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Old 06-14-2009, 11:31 PM   #1
Rob Williams
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Default European Commission Breaks Windows 7

From our front-page news:
Oi. It's become no secret that the European Union has had fun slapping Microsoft with pointless lawsuits over the years, but the latest happenings just further proves how asinine their Commission's thought-process is. Take one cranky browser company, Opera, and couple it with the already anti-Microsoft EU, and you have one heck of a story.

In gist, Opera complained to the EU that it's somehow wrong for Microsoft to include only one browser in their OS, and as such, they offered a solution: have Microsoft offer multiple browsers. Yes... they did actually suggest that Microsoft should include competitor offerings within Windows. What's next? Ford offering Toyota flier hand-outs, or an Aion screenshot at the World of Warcraft login screen?

Look... it's simple. Microsoft isn't forcing Internet Explorer on anyone. It's a sub-product of their OS, which people willingly purchase. Nothing stops anyone from downloading another browser of their choice... nothing. If the EU forces this, what's en route? Microsoft being required to offer alternate e-mail clients? Media players? Chat clients? Calculators?

"Rob, chill... what's the big deal?" How about the fact that because due to this pressure, Microsoft will be including no browser at all in the EU version of Windows 7. That means that people will be unable to hop online immediately after installing their OS. Rather, they'd have to install a browser of their choice via alternate means (like a thumb drive), or use the included CD-ROM to install Internet Explorer. Sounds convenient, doesn't it?

Oh, and how about the newly-introduced inability to upgrade from a previous version of Windows? That's right. I'm not sure of the mechanics, but IE is apparently required for a smooth upgrade, and because it's not going to be available in Windows 7 by default for EU users, it simply can't be done. Microsoft could agree to include alternate browsers just to please the EU and Opera, but I don't blame them for their decision. It's their product. If consumers don't like it, they don't have to buy it. It's that simple.

But since it's just a browser, perhaps Microsoft should be a good sport and include a few alternatives. At least that way, the browser-less problem will cease to exist, and customers will be happier. I personally recommend bundling Internet Explorer, Mozilla Firefox and Google Chrome. You guys?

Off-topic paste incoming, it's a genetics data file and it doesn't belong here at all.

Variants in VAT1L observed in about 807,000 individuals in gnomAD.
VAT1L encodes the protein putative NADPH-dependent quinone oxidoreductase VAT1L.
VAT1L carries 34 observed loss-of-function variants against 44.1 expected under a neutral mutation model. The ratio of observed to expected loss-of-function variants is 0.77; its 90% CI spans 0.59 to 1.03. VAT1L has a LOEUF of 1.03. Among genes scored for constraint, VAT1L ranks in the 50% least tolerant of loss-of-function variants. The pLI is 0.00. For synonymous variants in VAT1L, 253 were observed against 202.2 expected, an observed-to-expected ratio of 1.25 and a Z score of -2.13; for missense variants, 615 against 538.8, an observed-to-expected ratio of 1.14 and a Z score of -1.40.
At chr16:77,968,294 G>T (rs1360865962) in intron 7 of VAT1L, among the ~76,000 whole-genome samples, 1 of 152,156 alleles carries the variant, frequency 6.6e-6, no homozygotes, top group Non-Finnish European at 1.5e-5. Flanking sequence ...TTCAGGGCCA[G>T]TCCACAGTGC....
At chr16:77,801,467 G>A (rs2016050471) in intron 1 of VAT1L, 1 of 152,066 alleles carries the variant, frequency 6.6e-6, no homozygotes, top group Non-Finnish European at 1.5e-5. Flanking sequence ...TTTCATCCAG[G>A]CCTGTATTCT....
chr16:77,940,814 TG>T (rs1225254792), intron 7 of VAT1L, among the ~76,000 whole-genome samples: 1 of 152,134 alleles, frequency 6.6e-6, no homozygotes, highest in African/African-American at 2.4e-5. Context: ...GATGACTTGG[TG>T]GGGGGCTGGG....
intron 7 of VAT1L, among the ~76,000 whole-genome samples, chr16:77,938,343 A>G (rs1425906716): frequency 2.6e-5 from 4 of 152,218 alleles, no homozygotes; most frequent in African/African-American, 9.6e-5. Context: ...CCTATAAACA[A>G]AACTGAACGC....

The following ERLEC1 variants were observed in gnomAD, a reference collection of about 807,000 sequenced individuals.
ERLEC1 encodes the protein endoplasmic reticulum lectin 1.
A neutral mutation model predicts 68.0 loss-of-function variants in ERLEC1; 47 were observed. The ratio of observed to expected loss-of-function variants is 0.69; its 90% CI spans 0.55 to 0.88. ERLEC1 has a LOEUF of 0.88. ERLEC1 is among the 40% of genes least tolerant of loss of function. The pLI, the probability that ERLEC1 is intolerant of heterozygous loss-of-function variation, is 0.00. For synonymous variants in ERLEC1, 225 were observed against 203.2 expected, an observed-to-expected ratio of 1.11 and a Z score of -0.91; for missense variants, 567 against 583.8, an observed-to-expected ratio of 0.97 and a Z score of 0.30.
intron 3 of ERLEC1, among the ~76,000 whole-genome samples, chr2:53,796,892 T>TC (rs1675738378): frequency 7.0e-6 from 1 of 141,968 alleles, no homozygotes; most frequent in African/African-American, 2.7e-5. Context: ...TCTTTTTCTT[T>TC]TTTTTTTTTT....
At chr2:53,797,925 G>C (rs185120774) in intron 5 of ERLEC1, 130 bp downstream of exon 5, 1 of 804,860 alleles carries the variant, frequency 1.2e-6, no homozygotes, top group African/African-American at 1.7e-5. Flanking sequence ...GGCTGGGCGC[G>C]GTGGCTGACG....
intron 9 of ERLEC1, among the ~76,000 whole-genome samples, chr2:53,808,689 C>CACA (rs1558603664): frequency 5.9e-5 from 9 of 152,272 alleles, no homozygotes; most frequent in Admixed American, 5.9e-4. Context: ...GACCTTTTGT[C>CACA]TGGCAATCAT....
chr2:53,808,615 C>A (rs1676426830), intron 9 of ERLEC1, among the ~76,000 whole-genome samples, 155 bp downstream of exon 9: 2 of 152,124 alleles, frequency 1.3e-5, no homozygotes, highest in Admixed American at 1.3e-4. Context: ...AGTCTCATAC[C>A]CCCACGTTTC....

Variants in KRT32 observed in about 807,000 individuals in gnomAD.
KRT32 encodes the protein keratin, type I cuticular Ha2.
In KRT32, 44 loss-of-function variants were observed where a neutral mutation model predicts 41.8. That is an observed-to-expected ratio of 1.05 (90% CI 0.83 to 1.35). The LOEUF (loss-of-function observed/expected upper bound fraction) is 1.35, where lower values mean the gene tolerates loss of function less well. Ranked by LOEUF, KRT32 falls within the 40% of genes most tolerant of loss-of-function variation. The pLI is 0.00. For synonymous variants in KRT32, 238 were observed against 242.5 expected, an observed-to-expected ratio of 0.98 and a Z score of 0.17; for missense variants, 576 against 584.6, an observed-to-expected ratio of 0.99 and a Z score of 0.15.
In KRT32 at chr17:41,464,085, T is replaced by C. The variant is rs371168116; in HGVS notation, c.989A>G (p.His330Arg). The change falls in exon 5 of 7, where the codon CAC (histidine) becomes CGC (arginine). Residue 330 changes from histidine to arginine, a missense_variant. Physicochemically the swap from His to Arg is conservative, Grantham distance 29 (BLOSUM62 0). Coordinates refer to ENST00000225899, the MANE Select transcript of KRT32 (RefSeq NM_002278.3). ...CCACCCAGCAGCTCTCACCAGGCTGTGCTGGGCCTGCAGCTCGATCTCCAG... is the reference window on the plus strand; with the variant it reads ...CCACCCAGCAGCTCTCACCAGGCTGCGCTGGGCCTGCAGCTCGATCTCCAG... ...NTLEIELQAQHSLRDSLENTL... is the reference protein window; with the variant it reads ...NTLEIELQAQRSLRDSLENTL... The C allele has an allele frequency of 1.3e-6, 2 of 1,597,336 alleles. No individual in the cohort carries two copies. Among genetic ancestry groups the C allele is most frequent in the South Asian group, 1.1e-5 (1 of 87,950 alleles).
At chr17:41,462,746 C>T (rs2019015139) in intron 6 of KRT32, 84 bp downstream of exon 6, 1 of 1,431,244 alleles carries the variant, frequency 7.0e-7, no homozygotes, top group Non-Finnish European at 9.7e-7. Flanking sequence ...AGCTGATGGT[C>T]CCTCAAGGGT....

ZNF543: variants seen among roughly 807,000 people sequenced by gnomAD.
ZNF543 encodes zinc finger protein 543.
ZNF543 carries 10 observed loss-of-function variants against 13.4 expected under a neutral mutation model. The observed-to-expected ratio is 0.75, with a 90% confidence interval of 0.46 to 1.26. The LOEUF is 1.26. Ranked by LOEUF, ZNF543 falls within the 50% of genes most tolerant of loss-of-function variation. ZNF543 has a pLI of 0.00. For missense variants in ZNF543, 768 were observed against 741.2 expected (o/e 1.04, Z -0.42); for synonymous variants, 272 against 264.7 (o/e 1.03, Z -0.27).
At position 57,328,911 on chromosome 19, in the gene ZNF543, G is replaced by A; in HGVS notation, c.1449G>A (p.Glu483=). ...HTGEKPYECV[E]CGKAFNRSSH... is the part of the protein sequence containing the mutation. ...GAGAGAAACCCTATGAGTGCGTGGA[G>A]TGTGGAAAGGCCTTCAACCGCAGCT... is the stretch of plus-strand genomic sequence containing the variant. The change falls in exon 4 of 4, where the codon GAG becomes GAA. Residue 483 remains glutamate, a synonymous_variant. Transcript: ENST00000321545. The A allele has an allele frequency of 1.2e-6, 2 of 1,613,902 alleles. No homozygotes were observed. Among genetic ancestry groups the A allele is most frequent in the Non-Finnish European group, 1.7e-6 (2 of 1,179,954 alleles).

Providing it gets European Commission approval, which looks unlikely based on the Commission's preliminary response, Microsoft will ship the browser-less version of Windows 7, to be known as Windows 7 "E", in all EU member states as well as Croatia and Switzerland. What's more, the browser will also be removed from the Europe-only Windows 7 "N" versions which also have Windows Media Player stripped out - the result of another EU antitrust ruling.


Source: Bit-Tech
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Old 06-15-2009, 08:25 AM   #2
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No offense, but the people behind Firefox and Chrome both have been pushing the EU just as hard as Opera has for this. http://arstechnica.com/microsoft/new...-wait-what.ars

Frankly I think all three of them suck for pushing this. But guess what? They haven't stopped, and are clamoring for the EU to force Microsoft to offer a screen prompting what browser the user wants to install. And if you read some other news reports, you will see the EU already sent out questionnaires about how these companies would like to see such a system implemented. It doesn't take a rocket scientist to see how this will play out, the EU is going to force Microsoft's hand a second time because simply removing IE is no longer enough.

If I was making the decision I'd have done this to the EU ages ago. They want to fine us a few billion dollars because of bundling IE and WMP? Fine, retail copies don't need it anyway. The only unfortunate thing is I'm sure all these EU idiots buy OEM machines... which means they will have IE and WMP installed anyway. Only the people buying Retail boxes are going to be impacted by this... but again, if IE is available on the install media then it's not a serious problem. Users could just thank the EU for requiring they waste 10 minutes of their time installing it instead of having out-of-box functionality.